(with thanks to Pam in Tennessee for the idea.)
Well, this is either Paula's brilliant idea or all her fault. I decided about a week ago I needed to try gardening by the square foot, which she raved about all last year. Friday night, I stuffed the little boys in the new (OK, 10 year old but still beautiful) truck we bought from a friend about a month ago. Ostensibly, it's for one of my sons for a college graduation present next year, but he can't drive stick (I can see myself getting ready for lessons already). But the little boys like it, and my dearly beloved has realized that a pickup truck is quite handy, especially when he doesn't have to bounce around in it.
So, off I went to the local lumber yard Friday night. Some 2x6's, wood lath and 25 bags of potting soil later, I was on my merry way. When I told my dearly how much soil I'd purchased, he bellowed, "That's 1000 pounds! You'll break your truck!" So, I guess we know whose truck it really is, don't we? Anyway, I pointed out to him that if a half ton truck wouldn't haul half a ton of dirt plus a few lousy sticks, Dodge ought to rethink their whole program.
Saturday, we cut up the lumber where necessary, and screwed together two boxes, each 4' by 8'. We had two cordless screw guns, and so were able to teach the boys to operate them. When I demonstrated for Mark how it was done, his reaction was, "Wow! I thought you'd be useless as a carpenter, Mom, but you have some skills!" Yeah, even a girl in a dress can run a screw gun.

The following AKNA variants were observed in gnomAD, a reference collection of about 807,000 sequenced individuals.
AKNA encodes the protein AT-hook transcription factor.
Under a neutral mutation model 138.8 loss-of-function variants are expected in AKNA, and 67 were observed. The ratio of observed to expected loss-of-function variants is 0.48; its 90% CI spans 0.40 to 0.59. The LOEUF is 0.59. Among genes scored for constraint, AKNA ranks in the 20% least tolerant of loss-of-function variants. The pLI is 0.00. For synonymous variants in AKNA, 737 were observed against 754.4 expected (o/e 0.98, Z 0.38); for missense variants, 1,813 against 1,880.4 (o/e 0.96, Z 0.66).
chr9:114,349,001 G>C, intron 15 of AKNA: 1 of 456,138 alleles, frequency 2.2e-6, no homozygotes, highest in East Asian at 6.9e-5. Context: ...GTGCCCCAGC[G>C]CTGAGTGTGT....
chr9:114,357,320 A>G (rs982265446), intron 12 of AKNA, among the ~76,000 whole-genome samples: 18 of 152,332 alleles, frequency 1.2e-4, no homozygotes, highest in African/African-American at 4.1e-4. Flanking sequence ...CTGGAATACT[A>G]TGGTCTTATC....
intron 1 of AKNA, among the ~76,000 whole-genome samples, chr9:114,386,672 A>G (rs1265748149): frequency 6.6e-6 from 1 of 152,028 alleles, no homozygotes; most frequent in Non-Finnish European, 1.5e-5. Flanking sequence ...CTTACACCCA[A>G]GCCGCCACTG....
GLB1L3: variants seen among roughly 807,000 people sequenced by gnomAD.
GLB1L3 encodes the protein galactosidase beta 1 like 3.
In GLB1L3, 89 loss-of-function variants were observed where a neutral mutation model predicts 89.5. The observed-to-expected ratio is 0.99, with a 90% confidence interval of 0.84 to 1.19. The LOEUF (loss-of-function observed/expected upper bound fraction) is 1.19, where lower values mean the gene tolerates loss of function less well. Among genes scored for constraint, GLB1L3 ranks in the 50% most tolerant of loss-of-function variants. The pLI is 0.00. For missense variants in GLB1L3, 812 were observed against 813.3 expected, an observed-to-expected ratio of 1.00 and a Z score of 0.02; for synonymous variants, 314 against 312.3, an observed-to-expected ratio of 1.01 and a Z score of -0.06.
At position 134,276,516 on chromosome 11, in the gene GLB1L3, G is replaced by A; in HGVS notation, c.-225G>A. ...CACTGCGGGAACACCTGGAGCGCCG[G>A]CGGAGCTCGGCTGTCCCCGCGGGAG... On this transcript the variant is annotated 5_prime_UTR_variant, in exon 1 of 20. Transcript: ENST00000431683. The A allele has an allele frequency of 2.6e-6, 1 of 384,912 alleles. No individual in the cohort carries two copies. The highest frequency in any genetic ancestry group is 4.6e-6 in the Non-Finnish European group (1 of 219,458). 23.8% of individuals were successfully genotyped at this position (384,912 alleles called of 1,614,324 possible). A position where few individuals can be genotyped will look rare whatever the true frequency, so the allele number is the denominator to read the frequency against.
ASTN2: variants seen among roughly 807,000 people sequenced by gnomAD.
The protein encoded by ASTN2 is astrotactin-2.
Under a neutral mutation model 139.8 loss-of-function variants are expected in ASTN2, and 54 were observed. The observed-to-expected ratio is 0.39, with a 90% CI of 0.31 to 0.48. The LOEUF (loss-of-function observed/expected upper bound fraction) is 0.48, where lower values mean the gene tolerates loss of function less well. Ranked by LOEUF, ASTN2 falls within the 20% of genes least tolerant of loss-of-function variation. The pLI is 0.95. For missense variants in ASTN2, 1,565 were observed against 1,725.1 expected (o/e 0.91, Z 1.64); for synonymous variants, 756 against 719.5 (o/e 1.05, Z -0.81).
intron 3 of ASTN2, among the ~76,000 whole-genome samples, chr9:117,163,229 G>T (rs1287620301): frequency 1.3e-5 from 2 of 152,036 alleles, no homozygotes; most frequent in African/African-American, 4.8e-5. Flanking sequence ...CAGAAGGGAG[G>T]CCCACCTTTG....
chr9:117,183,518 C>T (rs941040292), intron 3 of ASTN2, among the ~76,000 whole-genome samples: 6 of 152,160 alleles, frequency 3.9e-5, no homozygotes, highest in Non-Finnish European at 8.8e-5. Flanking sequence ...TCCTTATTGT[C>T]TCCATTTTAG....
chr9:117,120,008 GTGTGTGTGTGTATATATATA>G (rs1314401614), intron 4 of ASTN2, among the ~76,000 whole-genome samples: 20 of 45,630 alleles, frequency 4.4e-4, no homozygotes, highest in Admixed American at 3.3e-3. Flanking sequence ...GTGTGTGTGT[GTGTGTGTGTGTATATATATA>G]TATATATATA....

Well, after the boxes were assembled and placed, we discovered that we needed more dirt. So, back to the lumberyard Sunday, where I joked with the owner that I was here to clean him out of dirt. 8 bags of potting soil and 4 of cow manure (hey, Ryan was bellowing that we should have it, although he wasn't thrilled about spreading it in the garden beds) later, he really was cleaned out of the locally made soil, and our truck was rolling back up the road to finish our gardens. (And we supported 3 locally owned businesses: the lumber yard, the dirt monger and the manure monger.)
We're using nothing but heirloom seeds this year. If I'm going to all of this trouble, I want tomatoes that taste wonderful, not those lovely gems that look picture perfect and taste like cardboard. I found some at Agway, along with the garden gnome you see in the picture below, and I've ordered the rest. I'll report on their customer service and quality, if anyone cares, at a later time.
Anyway, here's what's planted:
Simpson Black Seeded Lettuce
Nantes mini carrots
Half long carrots
yellow summer squash
Ordered, to be planted when they arrive:
Red Leaf Lettuce
Mesclun Mix Lettuce
Minnesota Midget Melons
Sugar Snap Peas
5 Other kinds of tomatoes (They were a package deal)
If anyone knows how long it takes to grow onions from onion sets, let me know. And some day I'll need to know what to do with kale and swiss chard, but not today.
And, if this isn't enough yard information for all of you, our first flowering tree, a cherry tree, is out in full force as of Friday morning. Many more will bloom this week!